Theodore Roosevelt, our 26th President and one of our great leaders, once said, “In any moment of decision, the best thing you can do is the right thing. The worst thing you can do is nothing.”

His words still ring true today. If we don’t do anything, we will continue to lose more than 40,000 women and 450 men to breast cancer each year in this country, and 522,000 women around the world. So, what can we do about breast cancer? How can we end this disease once and for all?

Although, scientists have discovered a great deal about this disease over the past 30 years, the dialogue about breast cancer hasn’t changed much at all. Awareness masks the hard truths that cannot be made better with a pink ribbon, like the fact that people are still dying.

It’s time for a new conversation. We need action. We need real results. We need to end our addiction to comfortable. To easy. To good enough. It’s time to be leaders. True leaders—that means every one of us who want to play a role in knowing how to end breast cancer must take action. We all must find the will, the strength, the belief to do what it takes to achieve the end of breast cancer.

For more than 20 years, the Georgia Breast Cancer Coalition Fund has been dedicated to state and national legislative advocacy efforts…fighting to ensure funds were, and continue to be appropriated for breast cancer research and treatment; and to ensuring that all women have access to quality medical treatment for the disease. We lead interactive education workshops throughout the state, arming attendees with key information on breast health, diagnosis, treatment, research and essential advocacy tools.  We also work with the Georgia General Assembly and the US Congress to ensure that funds raised actually support programs and services for the families who are affected, both now and in the future. We are working to change the conversation about breast cancer.  And you can too.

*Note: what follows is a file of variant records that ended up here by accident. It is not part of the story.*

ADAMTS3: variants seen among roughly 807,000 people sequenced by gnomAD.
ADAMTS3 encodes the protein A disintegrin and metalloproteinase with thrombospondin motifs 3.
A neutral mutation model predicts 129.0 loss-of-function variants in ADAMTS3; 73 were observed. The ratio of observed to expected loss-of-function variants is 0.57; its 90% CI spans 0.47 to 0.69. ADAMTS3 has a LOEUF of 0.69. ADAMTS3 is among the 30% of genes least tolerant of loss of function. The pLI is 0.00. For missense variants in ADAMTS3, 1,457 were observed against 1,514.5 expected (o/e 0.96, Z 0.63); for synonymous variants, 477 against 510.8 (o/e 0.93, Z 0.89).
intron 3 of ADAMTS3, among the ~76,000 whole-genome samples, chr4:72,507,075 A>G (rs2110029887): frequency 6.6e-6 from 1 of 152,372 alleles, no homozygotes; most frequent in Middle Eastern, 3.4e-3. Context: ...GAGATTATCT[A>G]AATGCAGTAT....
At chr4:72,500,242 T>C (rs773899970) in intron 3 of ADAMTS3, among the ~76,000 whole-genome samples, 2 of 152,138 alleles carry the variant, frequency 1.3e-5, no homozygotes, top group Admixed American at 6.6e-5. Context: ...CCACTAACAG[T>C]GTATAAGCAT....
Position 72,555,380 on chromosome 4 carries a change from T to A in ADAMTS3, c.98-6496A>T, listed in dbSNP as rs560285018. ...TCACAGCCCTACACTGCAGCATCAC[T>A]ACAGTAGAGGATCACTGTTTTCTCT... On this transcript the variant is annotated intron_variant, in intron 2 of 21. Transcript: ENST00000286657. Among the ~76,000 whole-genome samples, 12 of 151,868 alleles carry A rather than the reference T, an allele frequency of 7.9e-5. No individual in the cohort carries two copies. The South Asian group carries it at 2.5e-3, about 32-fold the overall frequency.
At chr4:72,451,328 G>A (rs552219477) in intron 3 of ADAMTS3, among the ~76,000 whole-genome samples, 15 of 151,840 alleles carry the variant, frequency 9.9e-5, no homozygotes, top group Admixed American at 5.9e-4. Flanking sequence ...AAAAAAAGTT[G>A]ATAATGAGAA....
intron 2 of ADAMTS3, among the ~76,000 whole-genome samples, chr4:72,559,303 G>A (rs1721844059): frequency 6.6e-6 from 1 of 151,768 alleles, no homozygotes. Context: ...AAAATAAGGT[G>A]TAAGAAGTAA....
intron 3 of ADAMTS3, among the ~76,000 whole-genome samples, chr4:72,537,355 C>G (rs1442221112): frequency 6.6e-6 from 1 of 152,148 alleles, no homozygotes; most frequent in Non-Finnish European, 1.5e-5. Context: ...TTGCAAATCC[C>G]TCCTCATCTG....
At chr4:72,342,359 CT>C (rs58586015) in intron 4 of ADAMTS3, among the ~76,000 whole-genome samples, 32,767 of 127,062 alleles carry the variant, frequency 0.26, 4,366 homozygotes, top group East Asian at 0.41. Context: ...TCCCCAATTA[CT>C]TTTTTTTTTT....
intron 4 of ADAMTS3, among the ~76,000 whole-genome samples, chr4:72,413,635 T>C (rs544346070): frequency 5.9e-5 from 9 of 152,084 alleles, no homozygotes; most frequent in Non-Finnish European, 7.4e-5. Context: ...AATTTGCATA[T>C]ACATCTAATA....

Advocacy is inherently political and attempts to increase the power of the powerless with our elected officials.  Advocacy is action aimed at changing the system. And advocacy makes a real difference! In fact, without it, we wouldn’t be where we are in breast cancer today.

Successful grassroots advocacy efforts are dependent upon individuals. Not necessarily political experts. But individuals who are passionate about an issue and prepared to make their voices heard. No experience necessary. If you can plead a cause, defend those in need, and speak up for those who choose not to, you are an advocate.

Every legislative session brings changes that directly impact access to breast cancer prevention, screening, and treatment. Individuals who are committed to eradicating breast cancer, must be diligent in monitoring legislative changes and making sure that their voices and opinions are heard.  Our involvement is essential to make elected officials care about breast cancer issues and take a position. Because only we can effectively explain why we care about breast-cancer related legislation.

The legislative process is complicated, but becoming an effective advocate can make a real difference. Are you with us? Are you ready to join us as Georgia’s VOICE to END Breast Cancer? Join us on Tuesday, February 28, for Georgia Advocacy Day at the Capitol. Because together we can change the conversation from awareness and screening, to prevention and saving lives. And together, we ARE Georgia’s VOICE to END Breast Cancer!